We are all familiar with the idea that we can become dependent on alcohol and other drugs, but can we get addicted to food? Instinctively, it may seem implausible. After all, unlike drugs, we need food to survive so in that sense we are all dependent on food. But as with drugs, there are healthy and unhealthy foods.
A new piece of research investigated the parallels between addiction to drugs and food. At a neurological level, there are similarities. Dopamine, the chemical in the brain involved in giving us a good feeling and reward for activities, is found both in substance use and consuming some types of food. This isn’t problematic in itself; it’s only when this behaviour is followed by reward is overactivated that the potential for harm comes into play.
Increasing our intake of foods high in salt, sugars and fat has the potential to reinforce unhealthy eating via this neurological feedback reward loop.
The food industry has not been a passive bystander and has played a crucial role in recent years. The term “food crime” has emerged to describe the active way the industry has manufactured highly processed foods that it knows will appeal to our basic neurological hardwiring.
The current cost of living crisis has been a reminder of just how cheap and available food has become across the Western world, including the United Kingdom. Relative to income, food has become more affordable over the past three decades. Price and availability are the two critical factors driving many types of addiction. At the same time as food prices have fallen, rates of diabetes, obesity and other health related food problems have risen significantly.
This toxic mixture of cheaper food high in sugar, salt and fat and improved availability via retail is not a coincidental factor in this parallel rise with health problems. While the physical manifestations of overeating or eating too much of the wrong type of foods are all too easy to see, the psychological harms – including addiction – are less visible.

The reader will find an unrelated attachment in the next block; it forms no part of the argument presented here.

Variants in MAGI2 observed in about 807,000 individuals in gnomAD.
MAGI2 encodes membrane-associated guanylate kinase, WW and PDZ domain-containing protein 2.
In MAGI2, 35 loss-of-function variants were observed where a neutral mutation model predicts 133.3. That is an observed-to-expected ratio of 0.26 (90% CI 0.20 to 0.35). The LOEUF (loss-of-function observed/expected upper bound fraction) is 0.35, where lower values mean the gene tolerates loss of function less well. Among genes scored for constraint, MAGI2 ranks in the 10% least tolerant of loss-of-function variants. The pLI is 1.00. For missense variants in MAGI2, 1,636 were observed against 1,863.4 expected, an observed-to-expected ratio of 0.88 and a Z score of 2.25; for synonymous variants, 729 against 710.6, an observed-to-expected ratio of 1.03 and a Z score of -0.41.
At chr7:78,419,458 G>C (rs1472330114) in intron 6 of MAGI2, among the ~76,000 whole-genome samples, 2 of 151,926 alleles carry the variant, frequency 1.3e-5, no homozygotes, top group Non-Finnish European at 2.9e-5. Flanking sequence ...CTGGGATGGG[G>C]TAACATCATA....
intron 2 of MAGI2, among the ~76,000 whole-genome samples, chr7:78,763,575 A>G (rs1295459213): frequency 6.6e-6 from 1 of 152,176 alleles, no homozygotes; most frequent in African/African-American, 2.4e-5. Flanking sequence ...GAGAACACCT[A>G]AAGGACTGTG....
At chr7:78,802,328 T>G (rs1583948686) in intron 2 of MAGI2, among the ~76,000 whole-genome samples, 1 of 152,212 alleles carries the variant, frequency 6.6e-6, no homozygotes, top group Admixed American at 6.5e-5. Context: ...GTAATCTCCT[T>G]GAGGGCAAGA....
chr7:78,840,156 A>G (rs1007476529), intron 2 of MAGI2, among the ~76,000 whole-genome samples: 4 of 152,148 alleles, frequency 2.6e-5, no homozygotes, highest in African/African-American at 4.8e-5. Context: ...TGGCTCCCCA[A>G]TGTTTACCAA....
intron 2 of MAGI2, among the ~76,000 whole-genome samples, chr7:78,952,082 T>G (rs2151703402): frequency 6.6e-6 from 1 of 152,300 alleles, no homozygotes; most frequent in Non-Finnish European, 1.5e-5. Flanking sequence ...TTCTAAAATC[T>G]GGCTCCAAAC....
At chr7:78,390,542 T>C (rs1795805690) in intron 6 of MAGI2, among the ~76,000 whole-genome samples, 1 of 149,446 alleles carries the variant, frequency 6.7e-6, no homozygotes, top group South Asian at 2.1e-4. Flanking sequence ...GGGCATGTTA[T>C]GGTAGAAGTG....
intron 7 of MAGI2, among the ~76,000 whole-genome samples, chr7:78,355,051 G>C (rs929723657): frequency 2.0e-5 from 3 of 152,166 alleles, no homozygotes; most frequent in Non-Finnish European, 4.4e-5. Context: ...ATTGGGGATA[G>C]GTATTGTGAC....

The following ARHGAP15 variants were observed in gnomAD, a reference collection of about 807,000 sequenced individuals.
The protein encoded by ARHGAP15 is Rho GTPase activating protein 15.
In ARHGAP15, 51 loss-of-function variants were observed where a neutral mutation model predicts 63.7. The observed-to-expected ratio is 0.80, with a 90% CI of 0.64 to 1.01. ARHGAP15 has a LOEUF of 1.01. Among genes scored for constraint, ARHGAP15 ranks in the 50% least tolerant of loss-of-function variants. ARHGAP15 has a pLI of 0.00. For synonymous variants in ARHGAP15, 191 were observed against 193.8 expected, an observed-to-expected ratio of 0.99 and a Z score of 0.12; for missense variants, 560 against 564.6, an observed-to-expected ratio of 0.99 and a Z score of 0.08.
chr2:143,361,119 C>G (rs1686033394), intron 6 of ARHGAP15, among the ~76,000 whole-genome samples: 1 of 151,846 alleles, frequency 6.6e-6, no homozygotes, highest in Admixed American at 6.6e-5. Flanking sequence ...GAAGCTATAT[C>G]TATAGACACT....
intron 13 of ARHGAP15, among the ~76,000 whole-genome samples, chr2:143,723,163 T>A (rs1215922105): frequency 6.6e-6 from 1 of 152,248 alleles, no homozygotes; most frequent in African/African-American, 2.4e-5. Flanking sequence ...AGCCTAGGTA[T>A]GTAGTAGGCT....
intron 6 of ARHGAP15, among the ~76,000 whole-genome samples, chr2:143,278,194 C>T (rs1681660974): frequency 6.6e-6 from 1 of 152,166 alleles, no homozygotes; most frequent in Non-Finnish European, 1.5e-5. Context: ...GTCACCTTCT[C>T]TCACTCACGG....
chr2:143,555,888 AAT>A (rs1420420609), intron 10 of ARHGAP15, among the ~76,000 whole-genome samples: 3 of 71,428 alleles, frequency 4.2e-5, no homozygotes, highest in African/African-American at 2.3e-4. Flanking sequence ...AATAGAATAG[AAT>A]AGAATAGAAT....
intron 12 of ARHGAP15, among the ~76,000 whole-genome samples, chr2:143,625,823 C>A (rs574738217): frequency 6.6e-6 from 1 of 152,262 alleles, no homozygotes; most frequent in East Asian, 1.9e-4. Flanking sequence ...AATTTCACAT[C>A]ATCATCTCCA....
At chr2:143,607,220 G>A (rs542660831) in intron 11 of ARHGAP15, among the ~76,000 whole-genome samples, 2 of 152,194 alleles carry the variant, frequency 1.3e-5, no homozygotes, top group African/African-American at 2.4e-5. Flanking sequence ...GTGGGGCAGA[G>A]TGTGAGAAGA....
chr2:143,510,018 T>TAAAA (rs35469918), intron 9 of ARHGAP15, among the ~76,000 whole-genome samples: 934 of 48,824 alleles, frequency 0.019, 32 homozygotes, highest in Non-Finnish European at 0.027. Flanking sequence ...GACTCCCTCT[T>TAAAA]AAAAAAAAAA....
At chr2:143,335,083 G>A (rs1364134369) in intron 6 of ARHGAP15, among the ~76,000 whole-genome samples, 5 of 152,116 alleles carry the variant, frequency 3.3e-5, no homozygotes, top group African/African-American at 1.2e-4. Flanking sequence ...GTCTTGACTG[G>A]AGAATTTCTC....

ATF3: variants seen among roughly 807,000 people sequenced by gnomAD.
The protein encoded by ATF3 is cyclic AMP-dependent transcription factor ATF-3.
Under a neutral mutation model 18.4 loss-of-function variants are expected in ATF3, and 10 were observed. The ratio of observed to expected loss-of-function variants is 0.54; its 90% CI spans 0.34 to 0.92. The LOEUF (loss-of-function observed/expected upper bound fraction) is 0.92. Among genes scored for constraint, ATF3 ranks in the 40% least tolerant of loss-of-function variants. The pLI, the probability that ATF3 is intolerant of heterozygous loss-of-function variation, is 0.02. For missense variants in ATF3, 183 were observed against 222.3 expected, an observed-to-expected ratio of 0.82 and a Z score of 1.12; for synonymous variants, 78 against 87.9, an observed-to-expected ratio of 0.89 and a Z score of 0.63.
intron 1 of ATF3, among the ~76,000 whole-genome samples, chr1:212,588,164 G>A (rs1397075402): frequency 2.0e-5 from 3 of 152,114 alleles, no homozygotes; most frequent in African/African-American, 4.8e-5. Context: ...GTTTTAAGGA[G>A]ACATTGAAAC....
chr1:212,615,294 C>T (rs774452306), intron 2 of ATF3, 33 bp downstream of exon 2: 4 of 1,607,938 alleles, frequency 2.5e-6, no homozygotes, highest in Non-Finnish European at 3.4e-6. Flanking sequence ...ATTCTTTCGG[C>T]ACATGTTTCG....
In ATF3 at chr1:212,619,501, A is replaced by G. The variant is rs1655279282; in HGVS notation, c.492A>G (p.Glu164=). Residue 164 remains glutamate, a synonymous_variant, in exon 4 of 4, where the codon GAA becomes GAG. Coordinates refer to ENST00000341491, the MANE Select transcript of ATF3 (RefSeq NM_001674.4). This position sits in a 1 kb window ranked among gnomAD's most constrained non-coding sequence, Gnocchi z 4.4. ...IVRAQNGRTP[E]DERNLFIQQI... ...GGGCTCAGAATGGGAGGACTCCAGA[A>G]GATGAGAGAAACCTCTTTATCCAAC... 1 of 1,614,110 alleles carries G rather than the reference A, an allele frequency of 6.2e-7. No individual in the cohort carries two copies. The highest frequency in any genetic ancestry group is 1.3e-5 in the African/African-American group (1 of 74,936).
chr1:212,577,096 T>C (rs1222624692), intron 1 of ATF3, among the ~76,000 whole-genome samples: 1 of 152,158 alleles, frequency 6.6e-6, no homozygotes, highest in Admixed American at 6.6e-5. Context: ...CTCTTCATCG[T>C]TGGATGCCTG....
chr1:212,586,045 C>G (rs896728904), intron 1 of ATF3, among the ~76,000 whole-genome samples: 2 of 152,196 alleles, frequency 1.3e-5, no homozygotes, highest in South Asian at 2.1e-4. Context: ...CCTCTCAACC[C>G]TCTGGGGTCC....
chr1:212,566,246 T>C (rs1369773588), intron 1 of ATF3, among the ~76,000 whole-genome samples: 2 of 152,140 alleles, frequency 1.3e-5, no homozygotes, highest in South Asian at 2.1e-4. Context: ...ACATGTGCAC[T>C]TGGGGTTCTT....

The American Psychiatry Association defines addiction as a “brain disease that is manifested by compulsive substance use despite harmful consequences”. By this definition, dependency on food or rather unhealthy food meets this criteria, as individuals continue to eat food that will have significant harm for their health. As with other types of addiction, some will be all too aware of the harm while others may not fully appreciate the relationship between diet and health.
Like smoking and drinking alcohol, few if any people will die instantly after eating a doughnut. The damage caused is incremental and goes almost unnoticed for years, other than weight gain along the way. Health economists refer to this time lag between current decision making and longer term consequences as health “discounting”. This theory suggests why it is so hard when you are young to start putting aside money for your retirement. The pain you experience by going without today is not deemed worth it given how far away you perceive retirement to be. So it is with making decisions about what you eat.
The enjoyment of eating some types of food today is viewed as preferable to the potential health gains by not doing so, and without seeing any benefit for years, if not decades, into the future.
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As with drugs, the “choice” that many people have about whether to eat healthy or unhealthy foods is not a real choice. Poverty, stress and lack of hope constrain the menu of options for many. It is no surprise, then, that many dietary related health problems are overrepresented in areas of social deprivation – just as they are with drug dependency.
Until we tackle the social determinants of health such as poverty, poor housing, unstable employment and mental illness, we will continue to see a rise in food addiction. The government has already rejected calls for new sugar and salt taxes aimed at reducing the harms caused by some foods. Just like the alcohol industry, the food industry has proved yet again how nimble and effective it is in shaping policy in its favour, even if it is not for our collective good.
Make no mistake, addiction to food is real. If you need proof, look no further than how the industry fights every attempt to reign in access to its addictive products.
Ian Hamilton is a senior lecturer in addiction and mental health at the University of York